Peter Imbert, longtime Amityville mayor, steps down
Sixteen years after he barreled into public life with a mandate to revitalize Amityville's downtown, overhaul government and rein in property taxes, Mayor Peter Imbert presided over his last village board meeting Monday night.
The village's longest-serving mayor plans nothing loftier than more work at the multimillion dollar insurance company he runs with his father, and more time with his wife, Diane, and their three children. "I did what I came in to do," he said in a recent interview, days before voters elected his successor, Jim Wandell.
While Imbert made no endorsements in the race, he didn't hide his preference for Deputy Mayor Peter Casserly or Trustee Ed Johnson over Wandell, who promised at a candidates event to "get fresh people in here to stop the bleeding," a swipe at Imbert's leadership.
Imbert, who was in the audience that night, admitted to being "irked" by the criticism, which also came from several candidates for trustee.
A sputtering national and regional economy limited his options as mayor, said Imbert, 53, but he is confident he made the right choices within those constraints. Overall, he said, "I left the village in very good shape."
The village faced a high vacancy rate downtown, dilapidated buildings in prominent locations and growing competition from nearby superstores when he took office in 1997. He moved aggressively to replace two eyesores -- the Colonial Motel near the village's north Broadway entrance and apartments on Merrick Road to the south. Parks now stand on those sites.
Other deals increased parking for village businesses and traded condo developers high-density rights in exchange for ballfields.
Imbert pushed for demolition of the old village hall and police station and had them replaced with the LEED-certified $9.6 million village hall on Ireland Place.
What some labeled as profligacy he described as an investment, both in energy savings and image. "It builds on itself," he said. "You see a village that looks nice, that's getting fixed up, more people are going to come in."
But the tax base weakened when South Oaks Hospital and Broadlawn Manor Nursing and Rehabilitation Center were sold to a nonprofit, though Imbert later negotiated a $200,000 payment in lieu of taxes for the property
Then the recession hit, hard. Grants and mortgage tax revenue dried up, leaving the village more dependent on property tax revenue; a new condo project went into foreclosure, with the developer owing the village hundreds of thousands of dollars in fees, officials said.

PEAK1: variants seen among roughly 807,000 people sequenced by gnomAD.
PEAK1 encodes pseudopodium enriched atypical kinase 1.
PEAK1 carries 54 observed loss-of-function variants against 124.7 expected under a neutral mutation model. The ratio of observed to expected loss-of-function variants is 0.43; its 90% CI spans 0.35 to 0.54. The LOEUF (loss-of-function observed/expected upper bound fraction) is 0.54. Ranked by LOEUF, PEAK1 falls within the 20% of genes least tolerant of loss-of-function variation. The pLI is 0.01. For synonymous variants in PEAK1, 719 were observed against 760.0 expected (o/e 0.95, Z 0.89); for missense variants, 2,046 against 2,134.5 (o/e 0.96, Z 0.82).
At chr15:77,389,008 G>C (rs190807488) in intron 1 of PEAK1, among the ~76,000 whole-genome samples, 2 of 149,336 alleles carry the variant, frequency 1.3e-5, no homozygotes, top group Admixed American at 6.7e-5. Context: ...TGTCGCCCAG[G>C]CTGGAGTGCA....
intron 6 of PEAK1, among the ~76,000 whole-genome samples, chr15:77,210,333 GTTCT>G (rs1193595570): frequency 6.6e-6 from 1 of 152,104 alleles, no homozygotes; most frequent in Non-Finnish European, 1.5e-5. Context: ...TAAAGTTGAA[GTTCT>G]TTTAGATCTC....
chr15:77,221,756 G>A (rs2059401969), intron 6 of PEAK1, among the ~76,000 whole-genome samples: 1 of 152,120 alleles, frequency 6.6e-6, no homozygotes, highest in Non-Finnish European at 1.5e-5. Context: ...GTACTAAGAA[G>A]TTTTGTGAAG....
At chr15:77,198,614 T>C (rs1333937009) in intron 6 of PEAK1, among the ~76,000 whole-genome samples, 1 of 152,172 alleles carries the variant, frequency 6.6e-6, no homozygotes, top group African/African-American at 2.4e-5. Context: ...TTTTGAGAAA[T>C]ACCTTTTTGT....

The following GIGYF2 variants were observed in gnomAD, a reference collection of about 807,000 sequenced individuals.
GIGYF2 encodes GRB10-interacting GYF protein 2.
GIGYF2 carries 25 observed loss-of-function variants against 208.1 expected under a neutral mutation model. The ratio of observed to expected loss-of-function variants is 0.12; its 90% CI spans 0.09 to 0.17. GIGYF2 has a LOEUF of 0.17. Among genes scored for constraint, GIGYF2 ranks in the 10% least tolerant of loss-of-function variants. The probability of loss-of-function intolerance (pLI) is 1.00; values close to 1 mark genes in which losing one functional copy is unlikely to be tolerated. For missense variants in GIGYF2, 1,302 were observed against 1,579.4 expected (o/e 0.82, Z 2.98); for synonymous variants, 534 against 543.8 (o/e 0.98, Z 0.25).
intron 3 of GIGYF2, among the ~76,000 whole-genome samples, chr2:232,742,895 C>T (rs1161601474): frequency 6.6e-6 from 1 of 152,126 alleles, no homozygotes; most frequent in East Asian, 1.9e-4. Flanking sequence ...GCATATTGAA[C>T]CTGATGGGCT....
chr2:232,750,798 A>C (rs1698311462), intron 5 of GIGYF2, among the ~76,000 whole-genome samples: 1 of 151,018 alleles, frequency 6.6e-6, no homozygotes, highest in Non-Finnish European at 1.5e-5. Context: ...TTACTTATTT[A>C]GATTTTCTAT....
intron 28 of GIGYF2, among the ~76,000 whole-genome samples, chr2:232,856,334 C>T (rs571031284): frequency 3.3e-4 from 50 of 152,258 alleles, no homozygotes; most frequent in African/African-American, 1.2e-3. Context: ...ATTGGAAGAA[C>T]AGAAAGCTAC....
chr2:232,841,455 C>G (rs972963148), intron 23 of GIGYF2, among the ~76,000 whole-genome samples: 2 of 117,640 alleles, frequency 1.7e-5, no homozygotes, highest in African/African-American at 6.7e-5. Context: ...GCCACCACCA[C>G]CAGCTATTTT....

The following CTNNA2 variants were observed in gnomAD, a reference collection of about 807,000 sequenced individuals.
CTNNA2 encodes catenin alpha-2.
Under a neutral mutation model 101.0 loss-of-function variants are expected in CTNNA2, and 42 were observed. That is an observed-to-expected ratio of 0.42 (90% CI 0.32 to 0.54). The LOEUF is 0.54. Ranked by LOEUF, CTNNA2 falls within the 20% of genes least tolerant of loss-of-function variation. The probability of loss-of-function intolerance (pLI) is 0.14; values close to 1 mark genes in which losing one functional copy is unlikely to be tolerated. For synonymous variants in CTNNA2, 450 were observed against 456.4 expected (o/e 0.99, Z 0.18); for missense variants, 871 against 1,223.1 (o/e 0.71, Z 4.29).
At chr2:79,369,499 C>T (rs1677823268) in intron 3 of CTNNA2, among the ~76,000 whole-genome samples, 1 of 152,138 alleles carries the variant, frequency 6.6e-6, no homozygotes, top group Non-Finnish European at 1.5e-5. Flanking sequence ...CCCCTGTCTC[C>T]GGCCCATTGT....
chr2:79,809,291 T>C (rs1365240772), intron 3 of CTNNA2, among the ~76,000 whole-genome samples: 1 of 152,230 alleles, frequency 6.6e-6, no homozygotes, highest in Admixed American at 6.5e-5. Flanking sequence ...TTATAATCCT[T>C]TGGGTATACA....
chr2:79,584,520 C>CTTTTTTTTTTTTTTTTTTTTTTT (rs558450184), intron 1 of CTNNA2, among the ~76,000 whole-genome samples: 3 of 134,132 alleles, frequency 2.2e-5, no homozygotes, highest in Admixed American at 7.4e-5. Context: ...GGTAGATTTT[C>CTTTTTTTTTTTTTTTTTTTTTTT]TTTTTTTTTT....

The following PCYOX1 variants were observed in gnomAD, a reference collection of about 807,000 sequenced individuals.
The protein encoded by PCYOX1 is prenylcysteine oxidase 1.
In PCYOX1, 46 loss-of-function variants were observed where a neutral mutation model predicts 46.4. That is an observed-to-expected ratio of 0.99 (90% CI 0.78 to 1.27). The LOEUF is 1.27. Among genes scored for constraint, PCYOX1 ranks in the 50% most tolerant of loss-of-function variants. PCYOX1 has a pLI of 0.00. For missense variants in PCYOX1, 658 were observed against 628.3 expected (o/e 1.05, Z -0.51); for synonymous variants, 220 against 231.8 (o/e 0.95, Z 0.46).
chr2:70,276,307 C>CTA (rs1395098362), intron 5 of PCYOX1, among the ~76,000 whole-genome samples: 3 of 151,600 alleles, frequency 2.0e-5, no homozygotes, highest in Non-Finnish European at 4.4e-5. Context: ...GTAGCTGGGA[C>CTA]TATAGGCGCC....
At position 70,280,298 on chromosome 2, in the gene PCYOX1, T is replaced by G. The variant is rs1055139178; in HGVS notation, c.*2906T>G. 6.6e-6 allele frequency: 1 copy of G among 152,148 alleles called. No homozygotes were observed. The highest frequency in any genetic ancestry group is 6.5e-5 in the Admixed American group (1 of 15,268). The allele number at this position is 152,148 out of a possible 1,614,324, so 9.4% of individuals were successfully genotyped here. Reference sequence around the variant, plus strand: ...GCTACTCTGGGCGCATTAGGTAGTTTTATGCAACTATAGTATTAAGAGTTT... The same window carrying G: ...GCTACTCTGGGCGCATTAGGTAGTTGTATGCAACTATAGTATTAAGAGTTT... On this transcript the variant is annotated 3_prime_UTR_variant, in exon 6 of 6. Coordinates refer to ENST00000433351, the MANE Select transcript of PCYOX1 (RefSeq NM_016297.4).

As financial markets cooled, the village's retirement contributions and obligations for employee health care soared.
Imbert said he cut costs while preserving quality of life for residents and keeping property taxes as low as possible. "I knew exactly what I was doing," Imbert said. "Those were conscious decisions that were made, and I stand by them."
Credit ratings agencies have not been sympathetic, slapping the village with a string of downgrades in recent years. The downgrades fueled complaints by some residents about taxes and village debt, leading to testy exchanges during village board meetings.
But Imbert drew some praise. Virginia D'Andrea, a retired commercial landlord, said he "turned around" the village by making it friendly to businesses and drawing visitors.
Marcia Besserman, president of the village chamber of commerce from 1996 to 2008 and a partner in Barkley Shades and Blinds, credits him with drawing new businesses to Merrick Road, a major thoroughfare once dominated by auto repair shops.
Imbert said he decided last summer to step down. He's not sure he'll seek public office again, after roughly 384 village meetings. "I put my heart and soul into this village since I was 37."
Though it was a frigid gray day and hardly anybody was out on Broadway, he sounded optimistic. "Wait until summer," he said. "With the hanging baskets, the flags -- it's going to be beautiful."
1997: Soon after election, Imbert moves to take over eyesore buildings; some lots are now occupied by parks.
2008: Village employees move into $9.6 million LEED-certified "green" village hall, boondoggle to some and treasure to others.
2012-13: Downgrades by credit ratings agencies alarm some residents.
2012: Some residents are critical of village response to superstorm Sandy; others praise work of police and DPW.